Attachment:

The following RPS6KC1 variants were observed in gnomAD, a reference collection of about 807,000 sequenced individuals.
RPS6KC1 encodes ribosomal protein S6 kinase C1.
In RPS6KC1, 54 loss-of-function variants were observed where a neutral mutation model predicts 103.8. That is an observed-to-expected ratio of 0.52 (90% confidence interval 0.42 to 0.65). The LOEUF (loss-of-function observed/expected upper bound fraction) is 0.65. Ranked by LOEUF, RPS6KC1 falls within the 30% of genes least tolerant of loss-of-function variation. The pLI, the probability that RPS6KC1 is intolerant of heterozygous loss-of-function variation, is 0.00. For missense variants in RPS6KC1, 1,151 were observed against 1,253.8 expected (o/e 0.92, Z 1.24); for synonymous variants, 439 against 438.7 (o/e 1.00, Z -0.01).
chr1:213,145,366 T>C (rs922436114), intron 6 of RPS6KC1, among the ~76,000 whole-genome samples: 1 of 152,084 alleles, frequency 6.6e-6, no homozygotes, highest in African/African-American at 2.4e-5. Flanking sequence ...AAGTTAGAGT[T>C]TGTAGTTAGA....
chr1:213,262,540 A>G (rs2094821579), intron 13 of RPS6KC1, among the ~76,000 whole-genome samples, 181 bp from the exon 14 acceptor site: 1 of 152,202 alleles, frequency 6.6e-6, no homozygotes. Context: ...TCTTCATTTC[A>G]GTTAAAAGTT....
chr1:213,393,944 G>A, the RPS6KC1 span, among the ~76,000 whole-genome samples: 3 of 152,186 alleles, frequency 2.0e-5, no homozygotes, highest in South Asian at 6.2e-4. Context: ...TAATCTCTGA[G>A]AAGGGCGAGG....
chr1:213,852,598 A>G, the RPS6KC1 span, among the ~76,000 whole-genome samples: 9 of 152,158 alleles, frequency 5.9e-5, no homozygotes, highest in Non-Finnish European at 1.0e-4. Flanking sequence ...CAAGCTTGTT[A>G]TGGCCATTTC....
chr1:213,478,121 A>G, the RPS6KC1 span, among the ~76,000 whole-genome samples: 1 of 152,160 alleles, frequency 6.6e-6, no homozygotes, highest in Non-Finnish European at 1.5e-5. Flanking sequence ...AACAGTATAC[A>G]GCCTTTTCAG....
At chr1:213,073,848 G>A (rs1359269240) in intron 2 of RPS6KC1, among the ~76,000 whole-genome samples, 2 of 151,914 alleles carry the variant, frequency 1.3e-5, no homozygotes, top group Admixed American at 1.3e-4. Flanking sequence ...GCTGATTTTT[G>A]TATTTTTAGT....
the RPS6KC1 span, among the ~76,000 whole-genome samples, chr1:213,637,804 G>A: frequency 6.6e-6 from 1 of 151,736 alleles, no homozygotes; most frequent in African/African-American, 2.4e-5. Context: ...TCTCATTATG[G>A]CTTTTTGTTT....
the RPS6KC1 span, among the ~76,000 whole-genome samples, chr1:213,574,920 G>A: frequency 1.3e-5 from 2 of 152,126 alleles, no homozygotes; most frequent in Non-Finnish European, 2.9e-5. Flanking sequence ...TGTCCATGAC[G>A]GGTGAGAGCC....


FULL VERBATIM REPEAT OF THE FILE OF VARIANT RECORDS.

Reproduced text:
The following RPS6KC1 variants were observed in gnomAD, a reference collection of about 807,000 sequenced individuals.
RPS6KC1 encodes ribosomal protein S6 kinase C1.
In RPS6KC1, 54 loss-of-function variants were observed where a neutral mutation model predicts 103.8. That is an observed-to-expected ratio of 0.52 (90% confidence interval 0.42 to 0.65). The LOEUF (loss-of-function observed/expected upper bound fraction) is 0.65. Ranked by LOEUF, RPS6KC1 falls within the 30% of genes least tolerant of loss-of-function variation. The pLI, the probability that RPS6KC1 is intolerant of heterozygous loss-of-function variation, is 0.00. For missense variants in RPS6KC1, 1,151 were observed against 1,253.8 expected (o/e 0.92, Z 1.24); for synonymous variants, 439 against 438.7 (o/e 1.00, Z -0.01).
chr1:213,145,366 T>C (rs922436114), intron 6 of RPS6KC1, among the ~76,000 whole-genome samples: 1 of 152,084 alleles, frequency 6.6e-6, no homozygotes, highest in African/African-American at 2.4e-5. Flanking sequence ...AAGTTAGAGT[T>C]TGTAGTTAGA....
chr1:213,262,540 A>G (rs2094821579), intron 13 of RPS6KC1, among the ~76,000 whole-genome samples, 181 bp from the exon 14 acceptor site: 1 of 152,202 alleles, frequency 6.6e-6, no homozygotes. Context: ...TCTTCATTTC[A>G]GTTAAAAGTT....
chr1:213,393,944 G>A, the RPS6KC1 span, among the ~76,000 whole-genome samples: 3 of 152,186 alleles, frequency 2.0e-5, no homozygotes, highest in South Asian at 6.2e-4. Context: ...TAATCTCTGA[G>A]AAGGGCGAGG....
chr1:213,852,598 A>G, the RPS6KC1 span, among the ~76,000 whole-genome samples: 9 of 152,158 alleles, frequency 5.9e-5, no homozygotes, highest in Non-Finnish European at 1.0e-4. Flanking sequence ...CAAGCTTGTT[A>G]TGGCCATTTC....
chr1:213,478,121 A>G, the RPS6KC1 span, among the ~76,000 whole-genome samples: 1 of 152,160 alleles, frequency 6.6e-6, no homozygotes, highest in Non-Finnish European at 1.5e-5. Flanking sequence ...AACAGTATAC[A>G]GCCTTTTCAG....
At chr1:213,073,848 G>A (rs1359269240) in intron 2 of RPS6KC1, among the ~76,000 whole-genome samples, 2 of 151,914 alleles carry the variant, frequency 1.3e-5, no homozygotes, top group Admixed American at 1.3e-4. Flanking sequence ...GCTGATTTTT[G>A]TATTTTTAGT....
the RPS6KC1 span, among the ~76,000 whole-genome samples, chr1:213,637,804 G>A: frequency 6.6e-6 from 1 of 151,736 alleles, no homozygotes; most frequent in African/African-American, 2.4e-5. Context: ...TCTCATTATG[G>A]CTTTTTGTTT....
the RPS6KC1 span, among the ~76,000 whole-genome samples, chr1:213,574,920 G>A: frequency 1.3e-5 from 2 of 152,126 alleles, no homozygotes; most frequent in Non-Finnish European, 2.9e-5. Flanking sequence ...TGTCCATGAC[G>A]GGTGAGAGCC....